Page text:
A disciple asked Firoz:
The mere presence of a master causes all sorts of curious people to gather round, to discover something beneficial. Can’t this be a hindrance and negative? Can’t this divert the master from his path, or cause him to suffer because he could not teach that which he wished?
Firoz, the Sufi master, replied:
The sight of an avocado tree laden with fruit whets the appetite of all those who pass by. If someone wishes to satisfy his hunger beyond his needs, he will eat more avocados than necessary, and will be sick. However, this causes no indigestion to the man who owns the avocado tree.
It is the same with our Search. The path must be open to all; but it is for God to set the limits of each individual.
Paulo Coelho is a Brazilian author who has sold more than 100 million books, which include 14 short story collections and the novel “The Alchemist.” He has been a fan of the Internet since the early 1990s. He spends at least three hours a day online, writing e-mails back and forth with his readers and posting photos on Flickr, MySpace and a blog.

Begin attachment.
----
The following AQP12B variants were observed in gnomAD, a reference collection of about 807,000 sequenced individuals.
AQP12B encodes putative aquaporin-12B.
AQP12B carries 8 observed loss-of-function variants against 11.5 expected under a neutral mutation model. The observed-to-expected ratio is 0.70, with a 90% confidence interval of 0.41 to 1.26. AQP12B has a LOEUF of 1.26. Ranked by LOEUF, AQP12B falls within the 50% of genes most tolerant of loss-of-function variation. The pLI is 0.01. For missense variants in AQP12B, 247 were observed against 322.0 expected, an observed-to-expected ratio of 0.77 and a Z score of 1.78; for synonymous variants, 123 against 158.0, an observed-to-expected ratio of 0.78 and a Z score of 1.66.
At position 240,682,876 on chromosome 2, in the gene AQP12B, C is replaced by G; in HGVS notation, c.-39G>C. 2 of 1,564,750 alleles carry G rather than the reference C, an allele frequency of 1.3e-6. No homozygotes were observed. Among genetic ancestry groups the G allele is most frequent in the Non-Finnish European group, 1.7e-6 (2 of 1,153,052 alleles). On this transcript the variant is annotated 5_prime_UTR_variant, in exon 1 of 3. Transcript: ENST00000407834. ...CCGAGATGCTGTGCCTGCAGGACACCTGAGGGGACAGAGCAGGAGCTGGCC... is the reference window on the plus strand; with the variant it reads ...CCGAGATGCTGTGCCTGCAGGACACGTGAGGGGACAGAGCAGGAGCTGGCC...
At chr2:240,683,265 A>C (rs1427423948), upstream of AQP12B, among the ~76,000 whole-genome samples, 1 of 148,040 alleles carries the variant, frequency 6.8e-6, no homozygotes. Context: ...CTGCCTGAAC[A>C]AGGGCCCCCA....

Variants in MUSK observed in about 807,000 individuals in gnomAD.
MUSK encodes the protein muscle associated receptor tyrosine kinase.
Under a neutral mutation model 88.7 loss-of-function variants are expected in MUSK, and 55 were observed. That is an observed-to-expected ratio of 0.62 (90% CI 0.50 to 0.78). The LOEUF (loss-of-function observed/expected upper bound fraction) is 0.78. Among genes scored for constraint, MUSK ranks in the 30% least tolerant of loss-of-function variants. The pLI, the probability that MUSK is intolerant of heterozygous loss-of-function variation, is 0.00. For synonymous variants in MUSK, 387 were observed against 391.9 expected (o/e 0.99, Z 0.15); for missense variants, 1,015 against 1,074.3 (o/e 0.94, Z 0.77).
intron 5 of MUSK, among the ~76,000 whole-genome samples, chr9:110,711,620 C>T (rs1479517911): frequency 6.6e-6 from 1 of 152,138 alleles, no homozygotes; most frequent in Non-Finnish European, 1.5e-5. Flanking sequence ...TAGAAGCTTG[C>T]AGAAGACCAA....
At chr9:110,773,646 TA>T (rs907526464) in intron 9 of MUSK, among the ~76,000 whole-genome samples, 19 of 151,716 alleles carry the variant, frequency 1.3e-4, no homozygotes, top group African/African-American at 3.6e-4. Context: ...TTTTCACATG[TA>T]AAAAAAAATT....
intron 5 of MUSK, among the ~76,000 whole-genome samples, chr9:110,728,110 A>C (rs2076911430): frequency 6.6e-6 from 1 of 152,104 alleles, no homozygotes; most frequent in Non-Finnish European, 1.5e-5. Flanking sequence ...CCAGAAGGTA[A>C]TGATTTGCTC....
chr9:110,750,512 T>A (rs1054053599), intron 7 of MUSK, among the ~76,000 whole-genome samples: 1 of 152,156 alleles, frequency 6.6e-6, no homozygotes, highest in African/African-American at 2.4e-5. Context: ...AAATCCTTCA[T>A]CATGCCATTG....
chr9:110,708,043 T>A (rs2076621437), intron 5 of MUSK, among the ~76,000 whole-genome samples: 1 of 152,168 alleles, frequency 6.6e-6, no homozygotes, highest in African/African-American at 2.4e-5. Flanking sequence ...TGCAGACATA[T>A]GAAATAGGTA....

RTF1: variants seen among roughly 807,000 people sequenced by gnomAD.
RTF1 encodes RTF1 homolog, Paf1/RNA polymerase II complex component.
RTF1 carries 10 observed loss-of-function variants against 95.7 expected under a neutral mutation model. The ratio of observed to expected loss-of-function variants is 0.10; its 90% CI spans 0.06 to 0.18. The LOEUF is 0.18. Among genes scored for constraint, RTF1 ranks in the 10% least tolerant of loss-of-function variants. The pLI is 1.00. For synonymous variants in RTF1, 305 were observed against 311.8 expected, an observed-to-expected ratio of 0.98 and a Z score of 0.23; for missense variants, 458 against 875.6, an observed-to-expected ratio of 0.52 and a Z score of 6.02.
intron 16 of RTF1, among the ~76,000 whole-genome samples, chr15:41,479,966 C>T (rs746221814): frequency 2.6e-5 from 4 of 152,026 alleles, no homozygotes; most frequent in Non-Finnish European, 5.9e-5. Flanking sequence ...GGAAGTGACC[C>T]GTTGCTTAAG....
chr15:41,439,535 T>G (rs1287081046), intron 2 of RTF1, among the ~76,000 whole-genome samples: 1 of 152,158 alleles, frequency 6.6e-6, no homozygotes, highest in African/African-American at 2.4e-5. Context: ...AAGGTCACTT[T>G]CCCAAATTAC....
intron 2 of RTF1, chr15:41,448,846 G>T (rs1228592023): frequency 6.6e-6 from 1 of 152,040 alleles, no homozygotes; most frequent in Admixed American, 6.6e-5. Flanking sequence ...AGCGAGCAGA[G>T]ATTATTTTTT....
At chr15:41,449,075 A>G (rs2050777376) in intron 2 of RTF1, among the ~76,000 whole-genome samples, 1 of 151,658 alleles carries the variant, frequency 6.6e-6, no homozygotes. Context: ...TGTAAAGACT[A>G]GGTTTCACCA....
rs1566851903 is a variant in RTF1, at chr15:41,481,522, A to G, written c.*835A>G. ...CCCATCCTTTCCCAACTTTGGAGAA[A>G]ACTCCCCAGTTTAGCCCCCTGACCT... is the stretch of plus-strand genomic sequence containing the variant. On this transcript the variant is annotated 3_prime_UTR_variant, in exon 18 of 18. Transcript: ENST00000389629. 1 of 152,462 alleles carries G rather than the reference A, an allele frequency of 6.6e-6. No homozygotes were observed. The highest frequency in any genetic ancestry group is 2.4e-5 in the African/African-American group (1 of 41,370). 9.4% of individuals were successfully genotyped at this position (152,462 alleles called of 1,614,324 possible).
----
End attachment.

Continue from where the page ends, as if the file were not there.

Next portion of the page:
Coelho’s online activities also include promoting pirated copies of his own books. Since 2005 he’s been directing his readers to an online site where they can download his books, in languages from German to Japanese, for free. “I always thought that when, at the beginning of your career, you strive to be read, you can’t change your mind later and become greedy about it.”